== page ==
However, most victims of Boko Haram kidnappings are mid-level Nigerian officials, who are not wealthy enough to have a security detail, but can afford to pay sums ranging up to $10,000, which thus make them both a lucrative and easy target. Boko Haram also kidnaps people with less financial capacity. Despite not being able to pay large sums of money, they are easy to abduct and can provide sums that can keep Boko Haram operations going. For example, a Nigerien official stated that Boko Haram in early 2015 kidnapped a Nigerien farmer’s three children outside of Diffa in southern Niger, demanding $4,000 for their release. The farmer allegedly emptied his bank accounts and sold all of his cattle to get his children back, leaving the family with no other means of income.
The most infamous case of Boko Haram kidnapping is the so-called Chibok girls case, where Boko Haram on the night of 14 April 2014 abducted 276 female students from a state school in Chibok in Borno State. Boko Haram leader Abubakar Shekau later claimed that he would sell them as slaves. Although this is the most documented case, Boko Haram conducts these abductions on a regular basis with the intention of selling women and other people they kidnap off as slaves. One ‘slave’ may cost as little as $12, and Boko Haram usually uses social media such as Whatsapp or Facebook to arrange transactions or even advertise the people they sell.
Raids and robberies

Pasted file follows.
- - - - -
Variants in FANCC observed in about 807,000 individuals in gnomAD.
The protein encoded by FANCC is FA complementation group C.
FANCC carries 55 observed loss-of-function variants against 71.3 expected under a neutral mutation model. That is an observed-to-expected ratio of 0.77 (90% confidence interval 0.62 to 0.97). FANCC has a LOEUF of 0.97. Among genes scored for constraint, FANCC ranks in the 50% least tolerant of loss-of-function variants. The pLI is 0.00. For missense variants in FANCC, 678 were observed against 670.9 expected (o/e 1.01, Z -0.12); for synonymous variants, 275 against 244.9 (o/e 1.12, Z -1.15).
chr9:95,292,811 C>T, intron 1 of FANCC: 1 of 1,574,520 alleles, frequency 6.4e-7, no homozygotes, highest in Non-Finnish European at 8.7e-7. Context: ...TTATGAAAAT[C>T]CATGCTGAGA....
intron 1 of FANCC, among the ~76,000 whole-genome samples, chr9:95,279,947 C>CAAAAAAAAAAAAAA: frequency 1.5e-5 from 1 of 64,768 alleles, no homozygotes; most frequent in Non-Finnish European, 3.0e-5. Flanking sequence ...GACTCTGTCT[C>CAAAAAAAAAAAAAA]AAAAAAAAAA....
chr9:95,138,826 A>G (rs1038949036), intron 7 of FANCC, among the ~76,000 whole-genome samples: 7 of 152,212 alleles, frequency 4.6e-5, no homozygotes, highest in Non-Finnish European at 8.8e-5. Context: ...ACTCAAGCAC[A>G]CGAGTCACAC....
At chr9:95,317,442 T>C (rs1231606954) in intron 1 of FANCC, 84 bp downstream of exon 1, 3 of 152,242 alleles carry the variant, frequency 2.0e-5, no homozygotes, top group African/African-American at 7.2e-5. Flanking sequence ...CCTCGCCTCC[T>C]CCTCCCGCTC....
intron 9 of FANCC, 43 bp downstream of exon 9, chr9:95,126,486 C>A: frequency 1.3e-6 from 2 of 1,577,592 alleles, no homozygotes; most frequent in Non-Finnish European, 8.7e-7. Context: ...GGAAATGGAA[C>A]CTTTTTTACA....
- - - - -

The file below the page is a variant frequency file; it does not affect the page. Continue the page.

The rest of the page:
Boko Haram partially finances their operations through bank robberies and raids of villages. The group has robbed hundreds of banks in Borno state and the surrounding areas, a practice which they justify by calling the money ‘spoils of war’, which, according to the group at least, makes it permissible under Koranic law.
Village raids have also become a trademark for the group, and these are often violent and deadly. In 2014, Boko Haram raided over 40 villages, an atrocity that left 2,000 casualties. In 2015, at least 35 such attacks were recorded, leaving at least 870 people dead. One example is the Kukawa massacre between 1-2 July 2015, where Boko Haram burned mosques due to them preaching a ‘too moderate’ version of Islam and killed 118 people. The testimony of Kabiru Abubakar Dikko Umar, believed to have masterminded the Christmas Day attack in Madalla in 2015, revealed that the loot from robberies was shared between five groups within the organisation. Namely: the less privileged; widows of soldiers; zakat (alms giving); those who brought in the money; and, finally, to the leadership.[iii]
Smuggling of arms and goods
Smuggling is also an area in which Boko Haram seems to act opportunistically. According to various reports, Boko Haram smuggles petrol, cattle, livestock, ivory, cigarettes, arms and drugs through northern Nigeria on a regular basis. The group has been pointed out as a major player in drug smuggling, although such reports are probably overstated. Boko Haram has dealings with drug smugglers, but it usually occurs as a result of the fact that they tax the drugs as they would any other product coming through their area of control. There have, however, been reports of Boko Haram acting as a middle-man in the drug trade between Latin America and Europe, where Nigeria is believed to be a transit hub.